psychomotor retardation

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delay; hindrance; delayed development.
mental retardation subnormal general intellectual development, associated with impairment of either learning and social adjustment, maturation, or both; see also mental retardation.
psychomotor retardation a generalized slowing of physical and emotional reaction, such as that seen in major depression and in catatonic schizophrenia.
Miller-Keane Encyclopedia and Dictionary of Medicine, Nursing, and Allied Health, Seventh Edition. © 2003 by Saunders, an imprint of Elsevier, Inc. All rights reserved.

psy·cho·mo·tor re·tar·da·tion

slowed psychic activity or motor activity, or both.
Farlex Partner Medical Dictionary © Farlex 2012

psychomotor retardation

Psychiatry A generalized slowing of physical reactions–eg, eye-blinking, common in depression
McGraw-Hill Concise Dictionary of Modern Medicine. © 2002 by The McGraw-Hill Companies, Inc.

Psychomotor retardation

Slowed mental and physical processes characteristic of a bipolar depressive episode.
Mentioned in: Bipolar Disorder
Gale Encyclopedia of Medicine. Copyright 2008 The Gale Group, Inc. All rights reserved.
References in periodicals archive ?
In the present study, psychomotor retardation and anxiety as a predominant clinical feature in persons with BID and MDD, respectively, again consistent with the previous study of Parker et al.
This study thus suggests that it may be helpful for hospitalized patients with major depressive disorder to receive psychosocial intervention as early as possible during the hospitalization as such interventions may reduce psychomotor retardation and thereby foster increased insight which may improve treatment adherence after discharge and improve longer term clinical outcomes.
Echopraxia (ie, mimicking another's movements) Source: Reference 10 Table 2 Adverse effects of synthetic cannabinoids Category of symptom Adverse effects General symptoms Tremor, blurred vision, dizziness, insomnia, sedation, combativeness, psychomotor retardation Mood disturbance Depression, euphoria, irritability Psychosis Prolonged episodes, hallucinations, delusions, paranoia, thought blocking, blunted affect, alogia, catatonia Anxiety symptoms General anxiety, panic attacks Cognitive effects Memory impairment
It is a mitochondrial encephalomyelopathy characterized by psychomotor retardation, feeding difficulty, seizure, hypotonia, respiratory disorders and high lactic acid levels in the early suckling period.6 Generally, this disease is progressive and results in death within a few years.7 In laboratory examinations the blood tests may display abnormal oxidative metabolism or organ dysfunction.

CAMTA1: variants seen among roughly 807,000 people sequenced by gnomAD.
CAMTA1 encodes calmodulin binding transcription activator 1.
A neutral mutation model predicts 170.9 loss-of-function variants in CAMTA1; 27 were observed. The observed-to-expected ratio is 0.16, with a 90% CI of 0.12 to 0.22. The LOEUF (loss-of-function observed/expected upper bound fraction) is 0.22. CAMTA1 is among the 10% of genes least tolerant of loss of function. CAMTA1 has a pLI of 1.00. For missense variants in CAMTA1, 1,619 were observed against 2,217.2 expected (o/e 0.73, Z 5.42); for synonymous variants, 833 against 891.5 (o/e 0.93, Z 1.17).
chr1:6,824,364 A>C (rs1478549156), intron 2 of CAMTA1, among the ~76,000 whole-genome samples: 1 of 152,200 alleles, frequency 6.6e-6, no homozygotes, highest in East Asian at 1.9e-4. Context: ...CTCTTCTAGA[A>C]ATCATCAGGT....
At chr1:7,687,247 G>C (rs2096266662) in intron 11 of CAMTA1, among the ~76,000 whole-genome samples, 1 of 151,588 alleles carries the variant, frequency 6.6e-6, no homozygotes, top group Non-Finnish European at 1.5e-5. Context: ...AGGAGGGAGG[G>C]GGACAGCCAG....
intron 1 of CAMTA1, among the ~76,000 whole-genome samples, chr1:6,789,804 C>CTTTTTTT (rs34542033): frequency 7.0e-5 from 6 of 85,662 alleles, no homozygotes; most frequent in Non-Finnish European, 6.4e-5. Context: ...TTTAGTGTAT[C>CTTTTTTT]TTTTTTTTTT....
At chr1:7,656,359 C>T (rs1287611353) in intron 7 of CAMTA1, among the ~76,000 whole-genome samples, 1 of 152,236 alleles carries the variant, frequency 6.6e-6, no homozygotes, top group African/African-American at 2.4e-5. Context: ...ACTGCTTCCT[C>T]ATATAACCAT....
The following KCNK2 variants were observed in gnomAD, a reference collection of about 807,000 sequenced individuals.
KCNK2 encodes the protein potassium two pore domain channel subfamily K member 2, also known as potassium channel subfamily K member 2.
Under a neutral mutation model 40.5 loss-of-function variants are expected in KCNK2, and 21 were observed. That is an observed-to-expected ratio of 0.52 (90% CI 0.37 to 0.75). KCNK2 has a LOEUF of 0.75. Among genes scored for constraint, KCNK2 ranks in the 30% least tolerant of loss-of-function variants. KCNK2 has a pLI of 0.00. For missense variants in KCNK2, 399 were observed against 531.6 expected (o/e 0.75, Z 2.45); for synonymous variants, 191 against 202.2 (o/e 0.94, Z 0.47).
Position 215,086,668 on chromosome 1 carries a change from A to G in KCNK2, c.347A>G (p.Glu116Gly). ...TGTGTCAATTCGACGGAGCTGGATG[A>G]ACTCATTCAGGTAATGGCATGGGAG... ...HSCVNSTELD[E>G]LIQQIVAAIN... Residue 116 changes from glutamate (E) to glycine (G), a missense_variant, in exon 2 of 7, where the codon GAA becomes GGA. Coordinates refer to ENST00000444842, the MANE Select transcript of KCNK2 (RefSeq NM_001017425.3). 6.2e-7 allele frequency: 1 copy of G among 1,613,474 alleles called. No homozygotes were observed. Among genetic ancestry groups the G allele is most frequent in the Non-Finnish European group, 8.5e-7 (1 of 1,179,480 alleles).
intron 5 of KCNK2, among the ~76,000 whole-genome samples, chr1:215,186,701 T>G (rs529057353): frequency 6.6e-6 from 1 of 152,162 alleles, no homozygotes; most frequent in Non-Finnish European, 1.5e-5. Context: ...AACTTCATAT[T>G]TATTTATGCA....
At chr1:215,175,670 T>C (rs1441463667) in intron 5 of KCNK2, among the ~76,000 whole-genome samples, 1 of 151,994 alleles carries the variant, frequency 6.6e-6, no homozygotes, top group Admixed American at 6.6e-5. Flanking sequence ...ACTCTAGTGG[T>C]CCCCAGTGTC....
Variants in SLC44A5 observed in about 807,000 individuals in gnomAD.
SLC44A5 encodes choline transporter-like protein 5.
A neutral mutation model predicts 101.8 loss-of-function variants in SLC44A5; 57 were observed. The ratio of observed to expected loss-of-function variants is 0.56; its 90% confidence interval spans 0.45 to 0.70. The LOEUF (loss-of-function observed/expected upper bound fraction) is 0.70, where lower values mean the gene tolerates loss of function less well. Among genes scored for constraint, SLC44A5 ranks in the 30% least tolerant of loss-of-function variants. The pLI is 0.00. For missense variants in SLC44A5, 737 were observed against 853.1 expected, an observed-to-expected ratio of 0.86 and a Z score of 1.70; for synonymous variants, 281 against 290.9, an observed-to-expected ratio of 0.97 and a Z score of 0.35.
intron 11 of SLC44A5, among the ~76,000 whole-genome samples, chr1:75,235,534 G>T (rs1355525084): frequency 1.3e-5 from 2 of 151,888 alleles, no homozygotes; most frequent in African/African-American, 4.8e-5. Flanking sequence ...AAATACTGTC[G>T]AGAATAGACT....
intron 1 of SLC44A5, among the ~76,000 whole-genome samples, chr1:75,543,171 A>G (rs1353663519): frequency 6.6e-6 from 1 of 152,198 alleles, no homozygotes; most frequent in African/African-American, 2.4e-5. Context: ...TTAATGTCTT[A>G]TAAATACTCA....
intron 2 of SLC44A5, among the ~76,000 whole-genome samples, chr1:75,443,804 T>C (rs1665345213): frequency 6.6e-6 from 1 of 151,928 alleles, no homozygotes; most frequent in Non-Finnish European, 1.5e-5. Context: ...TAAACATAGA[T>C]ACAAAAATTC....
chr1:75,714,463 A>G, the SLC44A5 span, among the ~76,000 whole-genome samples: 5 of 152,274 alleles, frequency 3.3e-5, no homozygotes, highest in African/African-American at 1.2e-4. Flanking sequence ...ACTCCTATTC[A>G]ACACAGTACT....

In the group of patients with psychomotor retardation 4.8-time higher increase in the serum S100 concentrations as compared with the one in the control group newborns and infants was found, while in examinees with psycho-speech disorder they were 4.2 times higher than those in the control group.
She was slightly obtunded with raised blood pressure (166/115 mmHg) and sinus tachycardia (130 bpm), apyrexial, and had mild psychomotor retardation and blindness with no light perception in either eye.
Auditory and visual hallucinations, flat affect, thought-blocking, alogia, suicidal ideation, insomnia, psychomotor retardation, agitation, and anxiety also were noted.
"Paraplegia; retinal detachement; SLE (Lupus); foreign body in vitreous; subluxated lens; chronic severe febrile anemia; fever(s) of unknown origin (FUO); traumatic macular hole; psychomotor retardation; anemia; suspected abdominal abnormal vascular pressure; suspected chronic intestinal disease; psedoarthrosis (non-union of fractured bones) - arms, hand; infected plate - hip; deformation of cornea; recurrent dislocation of shoulder; lumbar discopathy; opacity of vitreous; (and) malformation of urinary tract."
It clearly demonstrated the presence of psychomotor retardation in the HIV-positive subjects, as has been reported by others.
Another instrument was Depression Scale (CES-D) with 20 items, developed in the Centre for Epidemiologic Studies and designed by Radloff (1977) to measure depressive symptoms, including depressive mood, feelings of guilt and worthlessness, psychomotor retardation, loss of appetite and sleep disturbance.
She had psychomotor retardation and hepatomegaly, associated with cutaneous lesions (erythematous-descamative lesions in her elbows and knees), with diagnosis of Psoriasis.
The syndrome was first described in 1930 by Mencarelli, and its association with other facial defects and psychomotor retardation was established in 1961 (3).